And this very honest assessment that has some balance integrated into it – I don’t know if I’m considered a glitter birth mom, I don’t regret placing my daughter given the circumstances of my life at that time and the circumstances of her current life. However, I wouldn’t preach that it’s the greatest thing ever either. I just feel it was the best choice out of the ones I had at that time. I didn’t do it all for her, yes she was definitely a consideration but I’ll admit my choice was selfish too.

That’s part of why when I see women being praised when they are considering adoption that it irks me so much. It’s not selfless and brave and giving some couple a chance at parenthood. It’s hard, and emotional and traumatic for everyone and people don’t want to hear that. My daughter is 9 and it breaks my heart a little. She told me she never wants to be pregnant and have biological children. She wants to adopt children like she was and I wonder if this is her way of reacting to her trauma. I see her often, I’m pregnant with her little brother and first biological sibling, and she’s so in love with him but I worry how she’ll feel when he’s here, the relationship that they could have had, if she hadn’t been placed.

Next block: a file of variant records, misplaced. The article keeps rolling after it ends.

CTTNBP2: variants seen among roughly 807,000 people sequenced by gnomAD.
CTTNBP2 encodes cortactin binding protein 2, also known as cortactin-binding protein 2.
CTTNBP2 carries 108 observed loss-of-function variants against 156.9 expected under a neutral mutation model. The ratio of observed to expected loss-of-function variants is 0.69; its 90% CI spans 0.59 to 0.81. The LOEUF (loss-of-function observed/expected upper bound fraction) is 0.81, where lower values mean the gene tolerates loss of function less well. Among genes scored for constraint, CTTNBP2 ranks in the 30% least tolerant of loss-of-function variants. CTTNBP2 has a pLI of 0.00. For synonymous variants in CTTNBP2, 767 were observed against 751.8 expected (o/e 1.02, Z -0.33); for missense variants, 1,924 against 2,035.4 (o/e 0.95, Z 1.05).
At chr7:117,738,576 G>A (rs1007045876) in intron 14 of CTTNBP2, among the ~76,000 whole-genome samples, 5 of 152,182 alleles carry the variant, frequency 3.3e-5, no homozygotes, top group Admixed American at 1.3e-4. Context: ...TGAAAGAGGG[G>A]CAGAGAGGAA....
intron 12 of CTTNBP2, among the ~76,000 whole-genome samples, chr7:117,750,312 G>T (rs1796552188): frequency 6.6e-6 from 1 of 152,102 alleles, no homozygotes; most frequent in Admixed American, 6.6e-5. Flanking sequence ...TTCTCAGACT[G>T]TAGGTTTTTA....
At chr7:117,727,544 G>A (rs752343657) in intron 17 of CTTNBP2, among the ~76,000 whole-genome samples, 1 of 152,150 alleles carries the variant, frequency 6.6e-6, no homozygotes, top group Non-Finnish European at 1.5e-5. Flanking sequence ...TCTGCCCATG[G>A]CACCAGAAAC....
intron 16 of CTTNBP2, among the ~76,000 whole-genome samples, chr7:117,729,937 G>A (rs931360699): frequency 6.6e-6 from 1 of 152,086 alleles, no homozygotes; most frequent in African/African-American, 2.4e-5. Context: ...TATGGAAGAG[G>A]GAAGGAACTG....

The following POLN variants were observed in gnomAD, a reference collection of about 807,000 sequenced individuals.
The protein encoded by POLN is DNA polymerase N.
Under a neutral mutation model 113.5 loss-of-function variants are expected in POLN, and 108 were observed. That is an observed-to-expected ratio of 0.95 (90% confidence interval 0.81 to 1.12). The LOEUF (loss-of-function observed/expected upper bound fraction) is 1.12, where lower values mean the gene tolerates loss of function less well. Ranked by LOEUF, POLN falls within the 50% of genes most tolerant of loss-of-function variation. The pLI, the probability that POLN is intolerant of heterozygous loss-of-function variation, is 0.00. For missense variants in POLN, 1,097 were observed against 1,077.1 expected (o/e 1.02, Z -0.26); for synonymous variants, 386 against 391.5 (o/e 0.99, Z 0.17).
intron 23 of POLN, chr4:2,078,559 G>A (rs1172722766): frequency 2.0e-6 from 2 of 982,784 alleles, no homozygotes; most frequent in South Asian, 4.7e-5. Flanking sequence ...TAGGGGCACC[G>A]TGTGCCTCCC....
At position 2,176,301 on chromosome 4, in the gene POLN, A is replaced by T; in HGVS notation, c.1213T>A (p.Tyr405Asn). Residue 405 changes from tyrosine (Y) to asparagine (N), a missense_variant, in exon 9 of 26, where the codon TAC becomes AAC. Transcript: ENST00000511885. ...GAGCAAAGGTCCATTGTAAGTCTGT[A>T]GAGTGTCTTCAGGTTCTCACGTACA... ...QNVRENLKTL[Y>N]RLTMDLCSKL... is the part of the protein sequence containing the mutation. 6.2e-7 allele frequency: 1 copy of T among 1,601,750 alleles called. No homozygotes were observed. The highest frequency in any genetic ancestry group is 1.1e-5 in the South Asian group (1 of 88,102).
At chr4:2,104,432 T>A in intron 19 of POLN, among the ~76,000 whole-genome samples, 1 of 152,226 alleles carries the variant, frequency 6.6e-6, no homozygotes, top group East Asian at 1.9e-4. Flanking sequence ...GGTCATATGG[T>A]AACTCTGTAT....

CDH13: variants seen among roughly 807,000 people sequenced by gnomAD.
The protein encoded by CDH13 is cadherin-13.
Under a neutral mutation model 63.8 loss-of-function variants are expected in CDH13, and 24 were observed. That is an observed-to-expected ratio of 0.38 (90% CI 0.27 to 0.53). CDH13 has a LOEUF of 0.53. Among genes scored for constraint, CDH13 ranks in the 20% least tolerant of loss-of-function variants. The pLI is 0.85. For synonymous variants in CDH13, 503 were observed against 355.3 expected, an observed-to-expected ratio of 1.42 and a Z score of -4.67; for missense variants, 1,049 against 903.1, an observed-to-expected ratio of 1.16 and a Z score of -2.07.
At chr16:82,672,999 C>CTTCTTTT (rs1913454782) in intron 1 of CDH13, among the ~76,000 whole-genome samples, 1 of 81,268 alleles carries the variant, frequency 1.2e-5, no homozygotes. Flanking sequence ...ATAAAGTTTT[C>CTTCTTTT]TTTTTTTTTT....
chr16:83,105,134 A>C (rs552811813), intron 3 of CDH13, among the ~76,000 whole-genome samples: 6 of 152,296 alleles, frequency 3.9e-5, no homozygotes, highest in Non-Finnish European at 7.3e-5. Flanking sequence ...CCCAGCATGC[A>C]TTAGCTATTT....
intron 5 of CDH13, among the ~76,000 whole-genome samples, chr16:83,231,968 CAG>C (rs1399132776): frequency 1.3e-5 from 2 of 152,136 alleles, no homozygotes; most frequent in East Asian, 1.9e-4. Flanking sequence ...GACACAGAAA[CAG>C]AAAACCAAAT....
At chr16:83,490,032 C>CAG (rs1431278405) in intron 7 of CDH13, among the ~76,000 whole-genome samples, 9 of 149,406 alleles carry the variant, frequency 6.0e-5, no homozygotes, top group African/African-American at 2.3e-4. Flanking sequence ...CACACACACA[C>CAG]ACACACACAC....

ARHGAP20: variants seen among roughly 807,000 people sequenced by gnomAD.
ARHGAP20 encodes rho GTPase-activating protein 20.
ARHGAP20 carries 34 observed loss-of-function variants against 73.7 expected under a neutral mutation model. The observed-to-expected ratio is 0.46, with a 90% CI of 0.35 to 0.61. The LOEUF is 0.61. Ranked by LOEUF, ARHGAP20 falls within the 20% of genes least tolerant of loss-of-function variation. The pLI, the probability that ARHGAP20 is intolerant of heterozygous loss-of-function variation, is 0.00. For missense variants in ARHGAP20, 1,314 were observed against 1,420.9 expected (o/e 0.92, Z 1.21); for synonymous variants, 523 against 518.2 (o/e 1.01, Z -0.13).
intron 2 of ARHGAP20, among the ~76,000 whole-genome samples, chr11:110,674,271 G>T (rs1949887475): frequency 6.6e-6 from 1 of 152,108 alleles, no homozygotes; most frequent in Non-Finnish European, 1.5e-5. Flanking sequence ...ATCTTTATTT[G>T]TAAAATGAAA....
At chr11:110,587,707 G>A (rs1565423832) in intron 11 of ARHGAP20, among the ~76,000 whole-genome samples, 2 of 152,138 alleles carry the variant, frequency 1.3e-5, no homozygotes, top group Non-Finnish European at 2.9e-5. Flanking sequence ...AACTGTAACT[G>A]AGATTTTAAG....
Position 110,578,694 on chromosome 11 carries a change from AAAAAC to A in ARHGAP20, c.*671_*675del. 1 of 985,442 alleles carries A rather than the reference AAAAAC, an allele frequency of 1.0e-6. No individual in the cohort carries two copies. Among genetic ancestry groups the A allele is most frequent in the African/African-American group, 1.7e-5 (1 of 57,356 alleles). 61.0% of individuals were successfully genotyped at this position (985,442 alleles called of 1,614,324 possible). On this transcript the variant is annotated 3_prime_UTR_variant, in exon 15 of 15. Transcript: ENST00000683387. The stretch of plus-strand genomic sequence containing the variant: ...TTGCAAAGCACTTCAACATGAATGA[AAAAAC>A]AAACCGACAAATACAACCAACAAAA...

Lastly, in the realm of Welfare Queens exploiting a system, I need to include this sadly misguided perspective on it all – There is a glitter birthmom in my life. She was a former foster youth who aged out and has been having children since then. Her oldest is 24 and she is pregnant with #12? now. She has raised none and actually believes she is doing good by giving infertile families babies and encourages her biological children to do the same with her own grand babies.  I believe it is a survival narrative. She knows how to get housing and WIC and medical care and all sorts of benefits. She does not see the impact of her decisions on her children – even those who have been vocal with her about it. And the trauma of knowing they have siblings all over the country that they may never meet. It is a sad cycle being repeated by the next generation.

Intentionally Creating an Adoptee

So the topic came up about how a birth mother loses her baby – intentionally surrendering the baby at the hospital to pre-selected adoptive parents who are hovering there through labor, delivery and immediately after the birth – or because the baby has been taken away by child protective services.